“I got sent the scripts by my agents and they genuinely were just some of the best scripts I’ve read in a long time,” she says. “Then I made about 10 audition tapes over two months. At that stage, they’d sent me all the scripts so I was just picking out scene after scene. By the end, my poor boyfriend was like, ‘No more,’ and it was also during a heatwave in London so we could only film at 11pm because that was the only time it was cool enough that there wasn’t sweat running down my face.

“The audition process I remember just being quite brutal, but thankfully I ended up getting a job and then it was all worthwhile. I like to think of the audition process as pre-prep. It meant once I got the job, I was like, ‘Oh, I’ve actually done a huge amount of research already here.’ It felt a bit less stressful.”

Filming took place in South Africa between September 2022 and February 2023, and Pistorius herself was on hand to provide support to Hope as she tackled emotionally gruelling days on set.

Hope previously led the cast of Tudor-era drama The Spanish Princess

“She’s a psychologist and she understood on so many levels what I was going through,” says the actor, who says her intention wasn’t to mimic her real-life counterpart. “More than anything, she just held my hand throughout the process. We texted a lot on WhatsApp and she was incredibly supportive. She’d seen a few photos where I looked like I was veering quite close to the edge, so she whenever she saw those, she’d always just send me a message and tell me if I got too far into the abyss, she would come in and rescue me.”

As Pistorius’s professional work takes its toll on her personal life, viewers will see Hope portray her deterioration when her initial “sassiness” fades away and the character stops eating and sleeping and starts chain-smoking.

“That’s true to life,” says Hope, noting how Pistorius suffered PTSD from her attempts to live in a world of serial killers in order to better understand them. But the actor’s efforts to pay respect to Pistorius and to live in that same space meant she too felt the show’s subject matter weighing heavily on her mind and her body.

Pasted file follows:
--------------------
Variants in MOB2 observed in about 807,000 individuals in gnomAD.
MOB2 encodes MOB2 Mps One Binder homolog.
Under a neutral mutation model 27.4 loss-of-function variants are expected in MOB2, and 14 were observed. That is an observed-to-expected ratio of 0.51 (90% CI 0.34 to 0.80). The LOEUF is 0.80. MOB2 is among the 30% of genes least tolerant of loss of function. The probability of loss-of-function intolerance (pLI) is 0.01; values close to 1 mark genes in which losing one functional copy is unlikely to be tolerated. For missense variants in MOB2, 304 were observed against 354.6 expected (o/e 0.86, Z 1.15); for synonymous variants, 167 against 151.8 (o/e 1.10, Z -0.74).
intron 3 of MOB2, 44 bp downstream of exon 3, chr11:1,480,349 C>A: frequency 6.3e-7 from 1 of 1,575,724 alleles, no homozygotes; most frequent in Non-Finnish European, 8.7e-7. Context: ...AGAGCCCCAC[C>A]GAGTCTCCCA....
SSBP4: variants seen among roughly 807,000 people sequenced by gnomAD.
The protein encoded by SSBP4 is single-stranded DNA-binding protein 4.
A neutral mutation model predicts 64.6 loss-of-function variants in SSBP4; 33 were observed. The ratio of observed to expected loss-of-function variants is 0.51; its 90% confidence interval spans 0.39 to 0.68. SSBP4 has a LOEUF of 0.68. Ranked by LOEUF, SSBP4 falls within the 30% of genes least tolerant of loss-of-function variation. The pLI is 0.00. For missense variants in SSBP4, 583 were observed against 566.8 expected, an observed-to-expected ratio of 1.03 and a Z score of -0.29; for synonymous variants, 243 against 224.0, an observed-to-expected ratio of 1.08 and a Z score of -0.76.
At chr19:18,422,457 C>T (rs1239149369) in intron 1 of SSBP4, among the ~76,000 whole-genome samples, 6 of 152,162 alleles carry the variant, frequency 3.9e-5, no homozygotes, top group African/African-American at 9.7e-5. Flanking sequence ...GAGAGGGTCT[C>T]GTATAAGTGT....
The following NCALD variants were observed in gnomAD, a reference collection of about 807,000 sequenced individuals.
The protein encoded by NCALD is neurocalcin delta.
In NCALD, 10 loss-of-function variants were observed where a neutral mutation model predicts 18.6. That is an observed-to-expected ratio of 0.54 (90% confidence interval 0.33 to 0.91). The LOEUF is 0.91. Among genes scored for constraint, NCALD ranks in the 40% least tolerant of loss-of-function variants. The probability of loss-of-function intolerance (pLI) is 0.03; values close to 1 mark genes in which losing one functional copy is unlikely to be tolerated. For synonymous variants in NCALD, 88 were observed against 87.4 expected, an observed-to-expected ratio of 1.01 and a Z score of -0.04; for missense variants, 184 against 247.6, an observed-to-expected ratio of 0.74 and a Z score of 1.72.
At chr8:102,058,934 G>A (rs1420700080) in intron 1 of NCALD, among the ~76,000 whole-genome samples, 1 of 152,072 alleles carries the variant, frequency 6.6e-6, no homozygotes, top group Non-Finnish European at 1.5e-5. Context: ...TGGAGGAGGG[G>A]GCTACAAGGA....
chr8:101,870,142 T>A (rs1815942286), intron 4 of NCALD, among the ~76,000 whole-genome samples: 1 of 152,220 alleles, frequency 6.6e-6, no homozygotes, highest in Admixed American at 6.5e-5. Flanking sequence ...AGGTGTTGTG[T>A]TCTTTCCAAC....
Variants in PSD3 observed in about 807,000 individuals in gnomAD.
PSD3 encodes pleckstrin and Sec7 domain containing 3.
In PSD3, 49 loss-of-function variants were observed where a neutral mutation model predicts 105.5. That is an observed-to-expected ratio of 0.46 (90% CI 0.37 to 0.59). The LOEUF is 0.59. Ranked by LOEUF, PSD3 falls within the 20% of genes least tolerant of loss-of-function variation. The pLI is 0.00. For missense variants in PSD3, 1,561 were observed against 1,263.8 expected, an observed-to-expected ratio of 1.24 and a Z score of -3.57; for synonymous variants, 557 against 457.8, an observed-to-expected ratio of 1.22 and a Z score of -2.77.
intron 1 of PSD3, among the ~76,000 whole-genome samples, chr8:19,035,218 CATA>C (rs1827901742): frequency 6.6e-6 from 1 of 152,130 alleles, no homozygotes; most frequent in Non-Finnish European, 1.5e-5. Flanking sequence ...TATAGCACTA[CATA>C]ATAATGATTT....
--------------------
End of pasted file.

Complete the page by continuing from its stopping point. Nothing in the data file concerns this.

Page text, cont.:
“If you live in that world, it has an effect on you. For me, your body doesn’t understand when trauma is real or not. By the end, I wasn’t sleeping much. I had a huge amount of respect for Micki, what she’d been through and for the story we were telling. I wanted to do that justice.

“It annoys me when you read a script and it says she looks awful but you have an actress on screen who looks amazing. I really wanted to make sure I did look and feel awful by the end of it.”

On set, Hope worked with British director Tracey Larcombe and South African counterparts Brett Michael Innes and Rene Van Rooyen. The latter provided her with one particularly memorable experience when they were filming an interrogation scene with co-star Carel Nel, who plays William Truter in episode six, The Cape Town Prostitute Killer.

She is also recognisable for her role as Myranda in Game of Thrones

“Rene is one of the most brilliant directors ever. She and I were very close and I really trusted her, so I said to her at the beginning, ‘I want to be knocked off centre, I want to be surprised. It’s less acting for me,’” Hope says. “So we did this scene where she spoke to the other actor, Carel, in Afrikaans and I couldn’t understand what they were doing. Then halfway through the scene, he just grabs my chair and brings it forward. I loved it. I didn’t have to do any acting, I was so shocked. You can’t do that sort of stuff all of the time but Rene is such a phenomenal director and Carel such a phenomenal actor that I knew I was going to be completely safe. Then we just got to play around.”

Despite the “emotional toll” of playing Micki, the actor hopes there might be more Catch Me A Killer to come in the future to provide her with a chance to reunite with the cast and crew that supported her on the show.

As for why the series has drawn so many viewers around the world – Catch Me A Killer was also screened at French television festival Series Mania earlier this year – she believes this is down to the show’s psychological edge and its focus on ‘whydunnit’ rather than ‘whodunnit,’ with many of the killers’ identities revealed early on in each episode.

“It’s about unpicking what has made these serial killers act the way they do. What is it about their childhood, what is it about their socioeconomic circumstances, what is it that’s led them to violence? In understanding the psychology, Micki is able to catch them much quicker,” Hope says.

Importantly, “it doesn’t feel sensationalised,” she adds. “It feels like it’s a deep dive into the psychology so she can catch them as quickly as possible. Its empathy to an end; it’s not just so she feels sorry for them. If she can empathise with them, she can catch them quicker and the cases get solved quicker.”